Without a doubt, this is one of the most brilliantly executed puzzles in the history of my NYT solving. In order for Patrick Berry to pull this off, the theme entries had to have the right mix of letters...and they had to be in a particular order. It's absolutely mindboggling! Seriously...where would you start with it?
The title, Process of Elimination, might lead solvers to think that the same sequence of letters would be eliminated from the theme entries. The theme, revealed at 127-Across, is actually much more clever than that. The Process of Elimination: In the answer to each italicized clue, cross out any letter that appears __; then read the letters that remain (TWICE).
After eliminating duplicated letters, what remains is L-E-F-T-O-V-E-R-S.
The theme answers are:
25A: One who gets beaten badly? (SORE LOSER).
27A: Sticks in the medicine cabinet? (ANTIPERSPIRANTS).
40A: Forbidding countenance (HATCHET FACE). That's an expression I've never heard. Not sure if it's one word or two.
49A: Lacking compassion (HARD HEARTED).
68A: "It's true, like it or not" (IF THE SHOE FITS). My favorite of all of the theme answers.
87A: British motorist's right? (DRIVER'S SIDE). This was the only gimme.
94A: 1999 romantic comedy based on "Pygmalion" (SHE'S ALL THAT).
108A: It's taken by doctors (HIPPOCRATIC OATH). Not a gimme, but very easy to guess with a couple of letters in place.
115A: Follow-up to a potential insult (NO OFFENSE). Another good one. I remember trying to explain to one of the girls that simply saying that didn't mean that no offense would be taken. She had said something like, "No offense, Mom, but you look kind of fat." I believe I was all of 110 pounds at the time...but weight is always a sensitive issue. I'd kill now to weigh 110 pounds...but I'm not sure who I'd have to kill.
Yep. It was brilliant.
There were plenty of things I didn't know but they were gettable from crosses:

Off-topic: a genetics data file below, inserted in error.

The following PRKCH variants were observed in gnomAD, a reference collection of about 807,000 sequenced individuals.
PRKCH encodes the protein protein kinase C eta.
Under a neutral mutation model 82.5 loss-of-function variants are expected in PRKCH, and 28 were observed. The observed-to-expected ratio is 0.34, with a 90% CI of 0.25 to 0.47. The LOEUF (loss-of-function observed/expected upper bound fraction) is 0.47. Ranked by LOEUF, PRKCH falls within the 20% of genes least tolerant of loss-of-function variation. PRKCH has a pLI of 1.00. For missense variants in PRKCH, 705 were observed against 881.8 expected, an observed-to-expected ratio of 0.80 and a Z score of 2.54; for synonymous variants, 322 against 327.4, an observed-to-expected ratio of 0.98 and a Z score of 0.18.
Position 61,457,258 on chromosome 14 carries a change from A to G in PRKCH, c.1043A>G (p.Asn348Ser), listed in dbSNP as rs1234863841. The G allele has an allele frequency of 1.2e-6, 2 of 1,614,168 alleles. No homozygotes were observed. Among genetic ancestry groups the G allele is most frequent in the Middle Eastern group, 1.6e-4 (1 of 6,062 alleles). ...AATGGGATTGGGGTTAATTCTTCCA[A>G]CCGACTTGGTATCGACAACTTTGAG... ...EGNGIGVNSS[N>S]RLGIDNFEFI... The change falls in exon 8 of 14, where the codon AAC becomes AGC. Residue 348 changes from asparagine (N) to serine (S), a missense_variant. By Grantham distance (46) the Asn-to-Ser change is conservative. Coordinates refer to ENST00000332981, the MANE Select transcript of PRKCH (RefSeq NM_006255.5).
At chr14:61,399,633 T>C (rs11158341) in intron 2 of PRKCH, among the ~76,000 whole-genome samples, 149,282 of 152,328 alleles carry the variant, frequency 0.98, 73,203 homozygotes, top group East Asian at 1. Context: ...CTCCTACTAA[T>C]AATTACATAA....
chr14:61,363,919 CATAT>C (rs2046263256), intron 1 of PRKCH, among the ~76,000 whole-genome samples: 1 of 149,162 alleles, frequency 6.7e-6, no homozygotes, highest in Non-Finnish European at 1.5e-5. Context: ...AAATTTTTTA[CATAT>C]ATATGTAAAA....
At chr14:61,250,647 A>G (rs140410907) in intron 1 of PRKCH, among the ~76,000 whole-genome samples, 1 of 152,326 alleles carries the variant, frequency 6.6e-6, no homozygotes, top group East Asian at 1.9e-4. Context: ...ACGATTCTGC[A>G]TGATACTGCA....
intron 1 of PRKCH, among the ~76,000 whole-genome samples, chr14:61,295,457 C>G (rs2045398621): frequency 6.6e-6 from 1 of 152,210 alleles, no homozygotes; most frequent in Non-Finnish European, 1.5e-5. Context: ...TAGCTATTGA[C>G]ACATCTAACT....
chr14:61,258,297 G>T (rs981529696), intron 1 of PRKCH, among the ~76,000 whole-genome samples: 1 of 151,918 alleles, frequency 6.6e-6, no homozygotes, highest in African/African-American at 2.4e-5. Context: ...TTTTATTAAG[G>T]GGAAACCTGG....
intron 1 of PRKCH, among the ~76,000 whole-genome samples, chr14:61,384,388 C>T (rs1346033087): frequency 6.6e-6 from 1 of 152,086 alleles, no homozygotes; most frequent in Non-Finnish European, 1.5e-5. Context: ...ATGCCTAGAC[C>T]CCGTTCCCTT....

81A: Belgian painter James, known for bizarre fantasies with masks (Ensor).
83A: Former N.F.L. QB Rodney (Peete). So much for my recent sports-related success.
92A: "The Princess Bride" character __ Montoya (Inigo).
123A: Near East hotel (Serai).
41D: Jazz singer Laine (Cleo).
69D: 1960s-'70s Saudi king (Faisal).
80D: Intl. commercial agreement first signed in 1947 (GATT). According to this article, it's the General Agreement on Tariffs and Trade.
94D: "Sophie's Choice" narrator (Stingo). That's one of the most heartwrenching films of all time. As part of a student's project in English Lit, we had to watch the scene where Sophie has to choose which of her two children will live. I feel sick just thinking about it.
Then there were those I couldn't get with crosses...they're highlighted in yellow on the grid.
38A: Battle of Britain grp. (RAF). Didn't help that I didn't know the cross at 28D: Minority member in India (Parsee).
64A: "Sketches by __," 1836 (Boz). Oh, that Boz. Its cross at 51D: Expert, in England (dab hand) was completely unknown to me, but I believe I'll start using the term straightaway.
123A: Near East hotel (Serai), as well as its cross at 114D: Red Scare grp. (HUAC). I didn't realize they were talking Cold War...I was thinking something like Red Tide.
I liked the side-by-side answers at 34D: "Hurry up!" (shake a leg) and 36D: Fuzzy crawler (tarantula)...and their symmetrical opposites in the grid, 54D: Made of paste (imitation) and 55D: Studied on the side (minored in).
11D: Worst-case scenario (disaster). That reminds me of Kelly Clarkson's song, Beautiful Disaster. I especially like the live version.
39D: Jill's portrayer in "Charlie's Angels" (Farrah). For some reason, I thought Kate Jackson played Jill. I just Googled Kate Jackson and found that she played Jill Danko in "The Rookies," another show I watched in the old days...so I wasn't completely off.
1A: Talk follower (Q and A). That used to trip me up every time. The northwest corner was full of gimmes, along with 19A: Horse genus (equus) and 23A: "Marie Antoinette" star, 2006 (Dunst).
Really liked 65D: Position the cross hairs (on) (zero in), 71D: Vehement (fervid), 117A: Works magic on (hexes)...although its cross at 104D: Not as stringent (laxer) was a bit of a stretch.
Did not know 60A: Song that Elvis's "It's Now or Never" was based on (O Sole Mio), but the tunes are pretty similar.
Favorite clue was 74D: Disgraced one's name? (mud). Didn't even see it until I was finished...already had it from the acrosses.
I know what I like, but what about the rest of you? What were your favorites? Or your least favorites?
Here's the grid, showing my problem areas...all finally confirmed by my good friend, Mr. Google.
See you tomorrow.